Roger Ailes, the former Chairman and CEO of Fox News Channel and Fox Business Network resigned in the wake of the lawsuit filed by Gretchen Carlson and allegations from other Fox employees. The allegations, while unproven, are ugly. Yet many news outlets have reported that he received a $40 million severance from Fox. This begs the question – why would Fox pay this guy $40 million to quit?
Here are our best guesses…
1. It may be required by Ailes’s employment agreement.
Many high level executives like Mr. Ailes have employment agreements which contain specific provisions for severance.
It is possible that such an agreement would have an “out” if the employee engages in gross misconduct or is convicted of a felony he will not receive severance, but, again, the allegations against Mr. Ailes have not been proven.
In light of that, Fox may be contractually required to pay Ailes a severance.
2. It is a fair compromise.
There is a saying that goes “the right settlement” is one that makes both sides equally unhappy. And it is easy to see why paying out $40 million would make Fox unhappy. But consider the fact that Ailes is reported to have earned approximately $20 million per year. $40 million is a lot of money, but it is only two years’ worth of his salary.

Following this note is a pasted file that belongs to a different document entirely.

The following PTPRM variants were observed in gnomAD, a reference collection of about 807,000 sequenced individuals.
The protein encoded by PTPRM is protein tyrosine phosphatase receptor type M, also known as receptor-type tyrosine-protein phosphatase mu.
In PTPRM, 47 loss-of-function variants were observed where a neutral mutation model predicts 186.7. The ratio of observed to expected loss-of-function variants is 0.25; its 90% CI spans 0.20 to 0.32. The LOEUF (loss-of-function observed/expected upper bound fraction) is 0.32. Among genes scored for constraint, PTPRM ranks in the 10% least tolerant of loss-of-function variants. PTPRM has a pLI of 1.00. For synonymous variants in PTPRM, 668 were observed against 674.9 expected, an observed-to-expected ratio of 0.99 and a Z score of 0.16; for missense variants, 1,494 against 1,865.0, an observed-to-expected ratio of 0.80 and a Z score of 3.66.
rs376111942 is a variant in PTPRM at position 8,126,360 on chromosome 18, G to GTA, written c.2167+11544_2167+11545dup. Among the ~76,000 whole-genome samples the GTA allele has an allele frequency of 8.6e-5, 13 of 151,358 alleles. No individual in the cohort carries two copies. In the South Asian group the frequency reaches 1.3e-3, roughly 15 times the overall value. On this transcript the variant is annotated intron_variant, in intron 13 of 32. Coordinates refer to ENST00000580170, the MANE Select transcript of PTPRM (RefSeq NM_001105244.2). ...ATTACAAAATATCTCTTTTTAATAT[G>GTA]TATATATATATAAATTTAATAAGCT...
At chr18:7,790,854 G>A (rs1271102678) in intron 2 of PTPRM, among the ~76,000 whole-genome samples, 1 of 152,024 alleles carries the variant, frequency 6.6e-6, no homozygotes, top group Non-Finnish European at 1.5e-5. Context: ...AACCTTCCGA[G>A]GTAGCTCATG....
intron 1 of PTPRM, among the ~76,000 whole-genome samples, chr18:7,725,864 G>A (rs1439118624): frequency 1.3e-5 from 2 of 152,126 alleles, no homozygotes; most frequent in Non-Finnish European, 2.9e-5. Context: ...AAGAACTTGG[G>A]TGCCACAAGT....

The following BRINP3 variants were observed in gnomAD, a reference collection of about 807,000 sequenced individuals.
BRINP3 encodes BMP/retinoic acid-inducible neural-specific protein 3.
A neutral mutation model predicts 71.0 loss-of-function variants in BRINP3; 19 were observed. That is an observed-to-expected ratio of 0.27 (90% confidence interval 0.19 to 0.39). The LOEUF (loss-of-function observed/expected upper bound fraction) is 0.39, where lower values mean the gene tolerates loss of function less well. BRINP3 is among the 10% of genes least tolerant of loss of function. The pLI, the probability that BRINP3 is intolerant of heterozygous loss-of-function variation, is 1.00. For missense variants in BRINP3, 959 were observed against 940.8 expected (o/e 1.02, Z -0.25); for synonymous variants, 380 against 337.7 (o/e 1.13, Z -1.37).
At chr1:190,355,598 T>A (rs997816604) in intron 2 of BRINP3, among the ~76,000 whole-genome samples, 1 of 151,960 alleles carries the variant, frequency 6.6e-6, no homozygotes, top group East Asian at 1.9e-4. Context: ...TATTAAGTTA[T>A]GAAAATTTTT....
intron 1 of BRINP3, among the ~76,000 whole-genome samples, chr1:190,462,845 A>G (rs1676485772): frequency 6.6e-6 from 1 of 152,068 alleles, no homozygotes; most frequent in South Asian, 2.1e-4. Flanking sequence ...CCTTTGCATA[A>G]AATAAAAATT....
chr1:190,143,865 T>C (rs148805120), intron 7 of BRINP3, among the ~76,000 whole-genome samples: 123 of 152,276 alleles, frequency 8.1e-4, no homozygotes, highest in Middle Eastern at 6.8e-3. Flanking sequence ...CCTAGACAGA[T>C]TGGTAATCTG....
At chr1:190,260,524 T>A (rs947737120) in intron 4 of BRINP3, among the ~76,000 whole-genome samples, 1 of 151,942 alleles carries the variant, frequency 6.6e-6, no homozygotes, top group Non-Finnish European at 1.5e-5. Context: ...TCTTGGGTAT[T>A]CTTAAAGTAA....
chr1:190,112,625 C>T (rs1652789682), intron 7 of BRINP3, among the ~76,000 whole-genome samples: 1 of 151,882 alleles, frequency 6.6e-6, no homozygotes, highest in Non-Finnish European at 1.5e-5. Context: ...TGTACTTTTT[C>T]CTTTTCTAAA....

3. It keeps Ailes on Fox’s side.
Most severance agreements contain a “cooperation clause.” A “cooperation clause” requires a departing employee to cooperate in the event that the company gets sued and that employee has potentially useful information.
This is very important for high-level employees like Ailes. He is the person most knowledgeable about scores of things at Fox News, and his continued cooperation with the company is very valuable.
Similarly, if he is not required to cooperate, Ailes suddenly becomes a dangerous, and potentially very costly, wildcard. Big companies hate wildcards.
4. It keeps Ailes quiet.
Most severance agreements contain a “confidentiality clause.” A “confidentiality clause” typically keeps two categories of information confidential: First, a confidentiality clause likely requires the departing employee to keep the terms of his/her severance confidential. Due to the high-profile nature of Ailes’s departure, that consideration has gone out the window.
The second category of confidential information often covered by a “confidentiality clause” is more generally aimed at curtailing an employee’s ability to discuss his/her employment at all. These sorts of clauses contain exceptions which would allow the employee to testify truthfully, but otherwise considerably curtail what he or she can say about his or her employment.
By paying Mr. Ailes a severance, Fox has essentially, paid for his silence. Mr. Ailes has been in charge of Fox News for 20 years. He knows where all the skeletons are buried and a media war against Mr. Ailes would cause damage for all involved.